Netflix is raising its U.S. prices by 13 percent to 18 percent, its biggest increase since the company launched its video streaming service 12 years ago.
Its most popular plan will see the largest hike, to $13 per month from $11. That option offers high-definition streaming on up to two different internet-connected devices simultaneously. Even at the higher price, that plan is still a few dollars cheaper than HBO, whose streaming service charges $15 per month.
The extra cash will help to pay for Netflix’s huge investment in original shows and films and finance the heavy debt it has assumed to ward off rivals such as Amazon, Disney and AT&T.
While subscribers may bemoan a bigger monthly bill Wall Street cheered, sending shares up more than 6 percent in midday trading.
This marks the fourth time that Netflix has raised its U.S. prices; the last hike came in late 2017 . But this is the first time that higher prices
will hit all 58 million U.S. subscribers, the number Netflix reported at the end of September.
Previously, Netflix had continued to offer a basic, $8-a-month streaming plan while raising rates on more comprehensive plans with better video quality and options to watch simultaneously on different devices.
This time, the price for the cheapest plan is going up to $9 per month. A premium plan offering ultra-high definition will jump to $16 per month from $14.
The new prices will immediately affect all new subscribers and then roll out to existing customers during the next three months. Customers in about 40 Latin America countries where Netflix bills in U.S. currency will also be affected, excepting key international markets such as Mexico and Brazil.
Netflix had nearly 79 million subscribers outside the U.S. as of September.
Higher prices could alienate subscribers and possibly even trigger a wave of cancelations. For instance, Netflix faced a huge backlash in 2011 when it unbundled video streaming from its older DVD-by-mail service, resulting in a 60 percent price increase for subscribers who wanted to keep both plans. Netflix lost 600,000 subscribers — about 2 percent of its total customers at the time — after that switch.
The company is now betting it can gradually raise its prices, bolstered by a string of acclaimed hits during that past five years that have included “House of Cards,” ”Orange Is The New Black,” ”Stranger Things,” ”The Crown” and, most recently, the film “Bird Box.”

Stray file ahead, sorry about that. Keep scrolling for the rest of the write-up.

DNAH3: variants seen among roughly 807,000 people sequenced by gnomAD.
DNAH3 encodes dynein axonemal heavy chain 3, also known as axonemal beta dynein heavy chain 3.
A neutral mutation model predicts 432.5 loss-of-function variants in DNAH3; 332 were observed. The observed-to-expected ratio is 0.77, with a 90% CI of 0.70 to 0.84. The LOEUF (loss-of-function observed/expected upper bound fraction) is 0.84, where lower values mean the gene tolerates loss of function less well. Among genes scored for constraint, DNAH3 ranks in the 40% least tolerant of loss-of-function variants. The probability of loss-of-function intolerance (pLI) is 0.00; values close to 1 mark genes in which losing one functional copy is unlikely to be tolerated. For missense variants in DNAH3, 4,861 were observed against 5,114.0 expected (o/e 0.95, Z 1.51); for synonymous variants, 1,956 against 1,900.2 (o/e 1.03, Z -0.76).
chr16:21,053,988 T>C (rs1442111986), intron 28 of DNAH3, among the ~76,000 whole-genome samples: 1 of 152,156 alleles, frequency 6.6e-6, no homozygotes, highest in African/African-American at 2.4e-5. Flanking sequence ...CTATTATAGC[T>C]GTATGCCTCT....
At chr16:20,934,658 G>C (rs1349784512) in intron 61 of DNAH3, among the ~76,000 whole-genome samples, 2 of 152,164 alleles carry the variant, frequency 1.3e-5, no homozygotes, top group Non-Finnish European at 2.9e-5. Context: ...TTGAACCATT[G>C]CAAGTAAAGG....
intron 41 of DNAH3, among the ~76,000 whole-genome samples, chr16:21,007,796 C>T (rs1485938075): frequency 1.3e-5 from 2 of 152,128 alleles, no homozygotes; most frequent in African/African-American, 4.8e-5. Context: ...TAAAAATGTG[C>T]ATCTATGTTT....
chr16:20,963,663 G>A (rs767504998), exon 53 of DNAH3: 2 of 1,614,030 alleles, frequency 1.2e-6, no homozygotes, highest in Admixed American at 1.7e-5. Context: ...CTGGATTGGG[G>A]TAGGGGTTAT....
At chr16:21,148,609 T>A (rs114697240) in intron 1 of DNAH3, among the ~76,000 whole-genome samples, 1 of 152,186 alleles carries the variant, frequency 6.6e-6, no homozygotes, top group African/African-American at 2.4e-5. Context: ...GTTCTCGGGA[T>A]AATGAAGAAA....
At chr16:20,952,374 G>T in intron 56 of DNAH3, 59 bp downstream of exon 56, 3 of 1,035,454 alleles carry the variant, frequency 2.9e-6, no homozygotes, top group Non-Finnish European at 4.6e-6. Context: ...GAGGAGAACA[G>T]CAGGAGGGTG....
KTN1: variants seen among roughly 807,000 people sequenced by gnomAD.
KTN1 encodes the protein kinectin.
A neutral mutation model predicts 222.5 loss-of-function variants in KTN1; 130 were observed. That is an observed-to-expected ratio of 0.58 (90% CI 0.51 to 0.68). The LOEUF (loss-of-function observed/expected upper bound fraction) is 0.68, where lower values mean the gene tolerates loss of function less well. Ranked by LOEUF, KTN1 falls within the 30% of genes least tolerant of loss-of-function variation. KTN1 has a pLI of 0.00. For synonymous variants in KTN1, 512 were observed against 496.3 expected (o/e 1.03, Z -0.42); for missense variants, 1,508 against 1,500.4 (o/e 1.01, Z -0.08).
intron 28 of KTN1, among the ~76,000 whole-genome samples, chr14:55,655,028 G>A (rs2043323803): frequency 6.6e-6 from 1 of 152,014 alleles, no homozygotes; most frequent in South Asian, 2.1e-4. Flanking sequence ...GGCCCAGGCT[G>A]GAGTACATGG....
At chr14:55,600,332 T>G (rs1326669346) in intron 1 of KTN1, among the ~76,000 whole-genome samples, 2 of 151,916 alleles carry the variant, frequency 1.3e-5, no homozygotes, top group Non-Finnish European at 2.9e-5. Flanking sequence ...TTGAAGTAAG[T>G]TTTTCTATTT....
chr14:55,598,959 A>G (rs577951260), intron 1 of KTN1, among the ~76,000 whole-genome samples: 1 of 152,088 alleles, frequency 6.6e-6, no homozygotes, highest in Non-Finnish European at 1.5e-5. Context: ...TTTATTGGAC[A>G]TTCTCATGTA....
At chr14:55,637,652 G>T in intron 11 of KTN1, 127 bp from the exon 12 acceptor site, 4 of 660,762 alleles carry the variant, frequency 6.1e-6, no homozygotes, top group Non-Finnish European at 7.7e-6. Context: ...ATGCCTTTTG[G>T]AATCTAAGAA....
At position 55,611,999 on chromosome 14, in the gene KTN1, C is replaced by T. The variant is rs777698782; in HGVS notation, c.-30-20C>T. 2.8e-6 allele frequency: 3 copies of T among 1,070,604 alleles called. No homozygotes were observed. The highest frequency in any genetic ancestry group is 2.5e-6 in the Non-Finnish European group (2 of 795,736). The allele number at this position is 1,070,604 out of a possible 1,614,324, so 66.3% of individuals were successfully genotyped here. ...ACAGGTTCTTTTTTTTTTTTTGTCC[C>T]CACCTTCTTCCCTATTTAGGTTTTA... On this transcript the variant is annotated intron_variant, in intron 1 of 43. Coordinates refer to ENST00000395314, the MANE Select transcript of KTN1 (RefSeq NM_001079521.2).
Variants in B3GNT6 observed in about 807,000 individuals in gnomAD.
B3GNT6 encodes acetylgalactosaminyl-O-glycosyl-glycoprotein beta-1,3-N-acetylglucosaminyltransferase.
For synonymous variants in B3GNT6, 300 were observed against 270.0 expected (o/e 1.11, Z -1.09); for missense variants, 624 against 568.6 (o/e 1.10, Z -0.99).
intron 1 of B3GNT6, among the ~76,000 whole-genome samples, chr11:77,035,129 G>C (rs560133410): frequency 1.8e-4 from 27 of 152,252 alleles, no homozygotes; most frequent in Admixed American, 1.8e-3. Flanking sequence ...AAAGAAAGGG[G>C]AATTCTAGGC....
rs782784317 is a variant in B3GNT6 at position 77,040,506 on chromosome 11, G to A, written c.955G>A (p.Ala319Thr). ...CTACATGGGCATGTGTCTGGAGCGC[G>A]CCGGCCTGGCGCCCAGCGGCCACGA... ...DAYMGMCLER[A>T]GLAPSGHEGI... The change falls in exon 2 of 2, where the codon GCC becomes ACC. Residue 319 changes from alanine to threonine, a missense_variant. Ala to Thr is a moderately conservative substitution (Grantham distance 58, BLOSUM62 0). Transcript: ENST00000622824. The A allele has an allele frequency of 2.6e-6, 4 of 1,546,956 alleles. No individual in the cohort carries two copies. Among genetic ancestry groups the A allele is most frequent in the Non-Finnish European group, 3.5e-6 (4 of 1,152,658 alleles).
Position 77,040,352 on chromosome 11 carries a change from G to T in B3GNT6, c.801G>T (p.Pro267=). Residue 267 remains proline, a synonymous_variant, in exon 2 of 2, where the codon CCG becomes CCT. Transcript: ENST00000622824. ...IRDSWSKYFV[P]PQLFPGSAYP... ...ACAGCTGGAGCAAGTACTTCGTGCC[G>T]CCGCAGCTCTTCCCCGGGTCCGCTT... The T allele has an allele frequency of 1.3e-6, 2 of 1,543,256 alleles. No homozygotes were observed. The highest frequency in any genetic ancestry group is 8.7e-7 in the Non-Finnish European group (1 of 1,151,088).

“We change pricing from time to time as we continue investing in great entertainment and improving the overall Netflix experience,” the company said in a statement.
Consumers also have an increasing array of other streaming options .
Amazon offers a streaming service as part of its Prime shipping program for $13 per month, or $120 for an annual membership. Hulu sells an ad-free service for $12 per month. AT&T’s WarnerMedia unit plans a broader streaming service this year centered on HBO. Walt Disney is gearing up to launch a streaming channel this year.
With Apple also widely expected to join the video-streaming fray, the competition for programming is enabling top directors, writers and actors to charge more for their talents. That has intensified financialpressure on Netflix, which hasn’t been bringing in enough money to pay for all its programming and other business expenses.
The company burned through about $3 billion last year and is expecting to do so again this year. To offset the negative cash flow, Netflix has been borrowing heavily to pay for programming. The Los Gatos, California, company had accumulated nearly $12 billion in debt before borrowing another $2 billion in an October bond offering.
Concerns about the stiffening competition and Netflix’s ability to sustain its current leadership in video streaming have caused the company’s stock price to plummet from peak of $423.21 reached last June.
Investors reacted enthusiastically to Tuesday’s news, signaling their belief that the price increase won’t significantly slow Netflix’s subscriber growth. The company’s stock surged 6.5 percent to $354.79 in Tuesday’s early afternoon trading.